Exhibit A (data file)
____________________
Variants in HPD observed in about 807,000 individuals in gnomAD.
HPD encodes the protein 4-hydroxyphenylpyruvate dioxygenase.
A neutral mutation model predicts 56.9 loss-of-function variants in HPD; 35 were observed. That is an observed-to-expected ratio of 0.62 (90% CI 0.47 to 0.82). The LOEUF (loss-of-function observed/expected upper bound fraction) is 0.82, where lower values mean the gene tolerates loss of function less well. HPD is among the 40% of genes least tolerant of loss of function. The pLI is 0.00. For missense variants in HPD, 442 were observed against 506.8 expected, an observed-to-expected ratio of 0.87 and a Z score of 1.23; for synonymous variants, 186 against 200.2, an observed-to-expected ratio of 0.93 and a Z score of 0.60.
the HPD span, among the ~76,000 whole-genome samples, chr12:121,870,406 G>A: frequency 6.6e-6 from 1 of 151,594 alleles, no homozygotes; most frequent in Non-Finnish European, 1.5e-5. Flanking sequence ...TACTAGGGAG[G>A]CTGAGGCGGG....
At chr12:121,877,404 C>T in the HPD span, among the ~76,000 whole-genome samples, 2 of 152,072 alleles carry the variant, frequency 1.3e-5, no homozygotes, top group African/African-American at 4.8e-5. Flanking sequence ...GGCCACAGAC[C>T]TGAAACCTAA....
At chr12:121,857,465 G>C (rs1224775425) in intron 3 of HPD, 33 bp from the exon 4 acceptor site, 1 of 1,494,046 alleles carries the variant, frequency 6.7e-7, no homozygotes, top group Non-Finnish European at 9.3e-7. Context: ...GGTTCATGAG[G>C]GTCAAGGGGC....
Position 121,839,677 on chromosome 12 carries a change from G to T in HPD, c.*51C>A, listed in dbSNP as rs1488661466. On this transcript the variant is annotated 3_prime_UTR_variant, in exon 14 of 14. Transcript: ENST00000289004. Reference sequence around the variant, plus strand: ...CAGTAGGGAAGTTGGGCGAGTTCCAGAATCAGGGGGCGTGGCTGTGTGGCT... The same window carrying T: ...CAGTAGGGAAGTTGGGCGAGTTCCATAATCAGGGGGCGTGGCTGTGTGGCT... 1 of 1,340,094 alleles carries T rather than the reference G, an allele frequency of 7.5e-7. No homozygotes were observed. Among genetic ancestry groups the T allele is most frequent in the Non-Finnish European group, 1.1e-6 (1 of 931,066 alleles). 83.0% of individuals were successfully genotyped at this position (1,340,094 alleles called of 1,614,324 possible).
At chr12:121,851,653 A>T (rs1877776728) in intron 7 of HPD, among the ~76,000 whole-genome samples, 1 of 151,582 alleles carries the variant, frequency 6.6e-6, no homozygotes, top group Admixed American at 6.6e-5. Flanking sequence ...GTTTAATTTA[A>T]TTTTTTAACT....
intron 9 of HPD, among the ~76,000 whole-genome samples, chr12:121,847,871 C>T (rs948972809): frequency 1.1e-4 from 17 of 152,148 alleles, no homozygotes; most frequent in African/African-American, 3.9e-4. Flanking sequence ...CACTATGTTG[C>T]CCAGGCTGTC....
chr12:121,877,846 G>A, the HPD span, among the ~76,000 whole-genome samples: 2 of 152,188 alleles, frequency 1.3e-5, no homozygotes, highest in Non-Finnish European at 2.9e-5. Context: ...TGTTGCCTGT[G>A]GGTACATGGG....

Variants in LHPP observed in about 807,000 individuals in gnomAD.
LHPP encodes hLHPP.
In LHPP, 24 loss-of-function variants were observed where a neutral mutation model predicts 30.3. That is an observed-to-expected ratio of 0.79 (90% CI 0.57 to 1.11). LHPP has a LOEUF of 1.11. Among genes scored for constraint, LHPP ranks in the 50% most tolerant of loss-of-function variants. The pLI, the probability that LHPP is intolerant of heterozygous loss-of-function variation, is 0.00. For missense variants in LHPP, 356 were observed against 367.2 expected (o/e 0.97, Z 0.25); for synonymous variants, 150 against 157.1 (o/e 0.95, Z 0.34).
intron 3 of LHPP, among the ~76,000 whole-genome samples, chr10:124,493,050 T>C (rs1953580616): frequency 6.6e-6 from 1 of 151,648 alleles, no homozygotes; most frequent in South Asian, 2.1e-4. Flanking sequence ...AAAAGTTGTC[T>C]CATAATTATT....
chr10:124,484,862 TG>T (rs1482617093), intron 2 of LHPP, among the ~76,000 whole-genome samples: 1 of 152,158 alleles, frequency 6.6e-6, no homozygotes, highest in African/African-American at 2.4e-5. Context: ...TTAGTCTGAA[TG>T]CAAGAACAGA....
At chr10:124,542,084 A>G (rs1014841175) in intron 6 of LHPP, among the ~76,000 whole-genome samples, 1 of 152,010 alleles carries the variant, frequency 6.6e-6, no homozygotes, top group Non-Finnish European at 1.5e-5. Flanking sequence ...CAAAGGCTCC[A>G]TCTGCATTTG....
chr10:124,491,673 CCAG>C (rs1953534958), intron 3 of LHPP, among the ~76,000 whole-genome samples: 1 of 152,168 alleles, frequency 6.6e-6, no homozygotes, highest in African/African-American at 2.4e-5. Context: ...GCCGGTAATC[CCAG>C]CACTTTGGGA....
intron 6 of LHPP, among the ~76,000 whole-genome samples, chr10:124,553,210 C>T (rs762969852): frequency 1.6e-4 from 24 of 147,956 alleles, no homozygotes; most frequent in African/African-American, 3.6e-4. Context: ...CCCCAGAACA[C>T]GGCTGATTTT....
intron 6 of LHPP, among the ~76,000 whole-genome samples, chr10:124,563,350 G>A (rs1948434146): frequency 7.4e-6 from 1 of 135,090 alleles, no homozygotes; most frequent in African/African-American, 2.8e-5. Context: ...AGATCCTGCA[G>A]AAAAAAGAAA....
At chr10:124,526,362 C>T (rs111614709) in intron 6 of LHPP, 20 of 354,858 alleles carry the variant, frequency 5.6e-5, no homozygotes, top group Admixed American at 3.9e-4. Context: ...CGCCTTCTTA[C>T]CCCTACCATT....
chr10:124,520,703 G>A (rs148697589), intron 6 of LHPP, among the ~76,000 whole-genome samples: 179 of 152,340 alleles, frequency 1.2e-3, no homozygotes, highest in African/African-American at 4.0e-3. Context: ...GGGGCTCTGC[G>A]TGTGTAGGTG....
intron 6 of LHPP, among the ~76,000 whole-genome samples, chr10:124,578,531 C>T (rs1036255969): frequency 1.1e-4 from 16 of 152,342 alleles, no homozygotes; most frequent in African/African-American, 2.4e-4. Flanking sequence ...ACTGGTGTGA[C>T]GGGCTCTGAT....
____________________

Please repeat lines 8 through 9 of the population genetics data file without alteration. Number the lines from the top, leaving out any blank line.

At chr12:121,851,653 A>T (rs1877776728) in intron 7 of HPD, among the ~76,000 whole-genome samples, 1 of 151,582 alleles carries the variant, frequency 6.6e-6, no homozygotes, top group Admixed American at 6.6e-5. Flanking sequence ...GTTTAATTTA[A>T]TTTTTTAACT....
intron 9 of HPD, among the ~76,000 whole-genome samples, chr12:121,847,871 C>T (rs948972809): frequency 1.1e-4 from 17 of 152,148 alleles, no homozygotes; most frequent in African/African-American, 3.9e-4. Flanking sequence ...CACTATGTTG[C>T]CCAGGCTGTC....